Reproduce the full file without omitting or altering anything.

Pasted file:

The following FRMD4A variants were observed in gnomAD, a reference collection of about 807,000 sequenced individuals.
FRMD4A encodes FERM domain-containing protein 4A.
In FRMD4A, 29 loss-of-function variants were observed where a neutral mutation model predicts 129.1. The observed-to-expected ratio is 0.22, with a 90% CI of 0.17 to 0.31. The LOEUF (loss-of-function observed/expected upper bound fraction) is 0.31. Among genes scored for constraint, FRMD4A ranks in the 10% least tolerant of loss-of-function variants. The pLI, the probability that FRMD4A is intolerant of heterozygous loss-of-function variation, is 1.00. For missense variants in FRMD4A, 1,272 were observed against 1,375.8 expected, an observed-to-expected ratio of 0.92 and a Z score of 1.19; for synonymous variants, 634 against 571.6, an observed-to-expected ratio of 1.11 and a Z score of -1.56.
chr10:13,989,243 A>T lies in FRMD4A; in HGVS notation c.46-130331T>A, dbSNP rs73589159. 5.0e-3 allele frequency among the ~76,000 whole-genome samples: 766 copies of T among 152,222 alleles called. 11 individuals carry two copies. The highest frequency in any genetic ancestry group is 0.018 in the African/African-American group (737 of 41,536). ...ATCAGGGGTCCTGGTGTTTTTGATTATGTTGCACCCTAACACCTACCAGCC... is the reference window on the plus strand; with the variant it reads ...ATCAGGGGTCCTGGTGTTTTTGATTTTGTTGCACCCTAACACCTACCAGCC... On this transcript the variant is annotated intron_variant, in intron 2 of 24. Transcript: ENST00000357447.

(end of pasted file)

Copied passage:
The following FRMD4A variants were observed in gnomAD, a reference collection of about 807,000 sequenced individuals.
FRMD4A encodes FERM domain-containing protein 4A.
In FRMD4A, 29 loss-of-function variants were observed where a neutral mutation model predicts 129.1. The observed-to-expected ratio is 0.22, with a 90% CI of 0.17 to 0.31. The LOEUF (loss-of-function observed/expected upper bound fraction) is 0.31. Among genes scored for constraint, FRMD4A ranks in the 10% least tolerant of loss-of-function variants. The pLI, the probability that FRMD4A is intolerant of heterozygous loss-of-function variation, is 1.00. For missense variants in FRMD4A, 1,272 were observed against 1,375.8 expected, an observed-to-expected ratio of 0.92 and a Z score of 1.19; for synonymous variants, 634 against 571.6, an observed-to-expected ratio of 1.11 and a Z score of -1.56.
chr10:13,989,243 A>T lies in FRMD4A; in HGVS notation c.46-130331T>A, dbSNP rs73589159. 5.0e-3 allele frequency among the ~76,000 whole-genome samples: 766 copies of T among 152,222 alleles called. 11 individuals carry two copies. The highest frequency in any genetic ancestry group is 0.018 in the African/African-American group (737 of 41,536). ...ATCAGGGGTCCTGGTGTTTTTGATTATGTTGCACCCTAACACCTACCAGCC... is the reference window on the plus strand; with the variant it reads ...ATCAGGGGTCCTGGTGTTTTTGATTTTGTTGCACCCTAACACCTACCAGCC... On this transcript the variant is annotated intron_variant, in intron 2 of 24. Transcript: ENST00000357447.